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The Bank of England is divided over progress in eliminating spare capacity.
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The Bank of England, faced with a lingering Covid pandemic and with its monetary policy committee split down the middle over whether a key hurdle for tightening has been met, looks set to leave policy untouched at its September meeting which concludes with an announcement Thursday.
With all bar one MPC member voting in August to carry on with the current GBP150 billion asset purchase round, which will take until December to complete, there seems little prospect of a majority voting to halt it this month and running the risk that the market could interpret that as tightening. Instead the Committee will judge that its continuation provides some insurance against higher market interest rates. Bank Rate too will almost inevitably be left at 0.1%.
The MPC's agreed strategy is that it will not tighten at least until there is clear evidence of significant progress in eliminating spare capacity, a form of words which is loose enough to provide plenty of room for disagreement over whether the higher inflation that has materialised will be sustainable and whether the output gap will reopen as supply rebounds.
The MPC split four-four at its August meeting over whether this condition had been met. Governor Andrew Bailey and Deputy Governors Ben Broadbent and Dave Ramsden acknowledged at a subsequent Treasury Select Committee hearing on Sept. 8 that they were among those who thought it had been met, while independent member Michael Saunders, who was alone in voting to end asset purchases, is the prime suspect as the fourth man.
MPC DEBUT FOR MANN
The September meeting will mark the first MPC appearance of Catherine Mann, the former top Citi and previously chief OECD economist whose three-year term started Sep 1. Before her appointment Mann had forcefully expressed the view that the rise in inflation in advanced economies is likely to prove temporary as supply returns when the Covid shock fades, so her presence could tilt the scales to five-four against the tightening criteria being met.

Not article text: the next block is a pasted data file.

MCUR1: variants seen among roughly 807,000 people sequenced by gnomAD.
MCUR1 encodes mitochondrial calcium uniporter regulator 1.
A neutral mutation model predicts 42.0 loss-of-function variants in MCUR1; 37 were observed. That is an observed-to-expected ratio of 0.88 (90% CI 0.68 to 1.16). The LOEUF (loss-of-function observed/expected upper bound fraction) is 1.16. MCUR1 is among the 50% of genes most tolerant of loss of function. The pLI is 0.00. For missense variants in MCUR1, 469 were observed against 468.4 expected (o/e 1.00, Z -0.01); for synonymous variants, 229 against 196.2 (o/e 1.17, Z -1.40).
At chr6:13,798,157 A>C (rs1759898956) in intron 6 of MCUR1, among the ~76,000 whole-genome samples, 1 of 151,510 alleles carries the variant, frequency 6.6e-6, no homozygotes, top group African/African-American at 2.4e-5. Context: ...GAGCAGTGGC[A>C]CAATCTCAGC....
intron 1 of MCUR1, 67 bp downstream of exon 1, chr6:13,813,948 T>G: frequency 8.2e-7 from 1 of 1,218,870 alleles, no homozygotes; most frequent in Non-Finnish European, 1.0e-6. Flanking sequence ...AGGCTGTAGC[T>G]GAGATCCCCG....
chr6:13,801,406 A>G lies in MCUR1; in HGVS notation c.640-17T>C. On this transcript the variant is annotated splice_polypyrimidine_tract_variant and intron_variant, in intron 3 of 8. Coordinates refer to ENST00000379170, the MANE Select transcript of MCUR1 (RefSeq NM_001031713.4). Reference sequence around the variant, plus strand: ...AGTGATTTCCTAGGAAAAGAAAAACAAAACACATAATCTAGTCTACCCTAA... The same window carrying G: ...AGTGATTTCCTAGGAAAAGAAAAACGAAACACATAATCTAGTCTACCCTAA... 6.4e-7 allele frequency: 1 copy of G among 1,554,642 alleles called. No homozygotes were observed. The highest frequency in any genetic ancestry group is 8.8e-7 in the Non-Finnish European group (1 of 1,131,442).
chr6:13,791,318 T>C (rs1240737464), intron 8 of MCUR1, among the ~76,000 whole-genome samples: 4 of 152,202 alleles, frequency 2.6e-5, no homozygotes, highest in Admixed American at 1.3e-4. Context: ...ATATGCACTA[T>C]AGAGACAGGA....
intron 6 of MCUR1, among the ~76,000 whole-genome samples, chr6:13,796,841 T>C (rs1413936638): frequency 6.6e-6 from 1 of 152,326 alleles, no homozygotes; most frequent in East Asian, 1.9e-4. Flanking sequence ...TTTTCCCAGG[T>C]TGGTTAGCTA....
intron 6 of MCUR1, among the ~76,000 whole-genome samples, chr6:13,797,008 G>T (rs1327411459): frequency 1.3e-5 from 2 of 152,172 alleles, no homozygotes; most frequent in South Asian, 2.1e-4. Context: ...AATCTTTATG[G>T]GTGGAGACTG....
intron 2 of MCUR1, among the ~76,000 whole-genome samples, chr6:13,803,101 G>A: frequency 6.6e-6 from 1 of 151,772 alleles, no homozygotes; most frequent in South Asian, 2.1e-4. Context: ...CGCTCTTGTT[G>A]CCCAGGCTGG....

One wrinkle, though, is that Mann is probably no great fan of the MPC's agreed guidance, having described herself as a campaigner against interpreting output gaps as harbingers of future inflation pressures. Relying on the output gap tends to make policy tighten too soon, she said in written evidence to the Treasury Select Committee.
With the next full economic forecast round not taking place until November, the September meeting is likely to see plenty of references to holding off on comprehensive judgements of recent developments for another couple of months.
Since August, the government has announced a total 2.5-percentage-point rise in National Insurance Contributions, a labour income tax, split between employers and employees. Broadbent has pointed out that as the tax rise funds spending on health and social care its overall economic effects are not likely to be significant but again the MPC will probably defer comprehensive commentary to November.
The spike in energy prices, driven by economic reopening and a series of supply hits, is something else that the MPC may feel will become clearer with the passage of time. The view of MPC members, including Bailey and Ramsden, has been that rather than energy prices, the bigger risk of a sustained inflation rise comes from labour market shortages.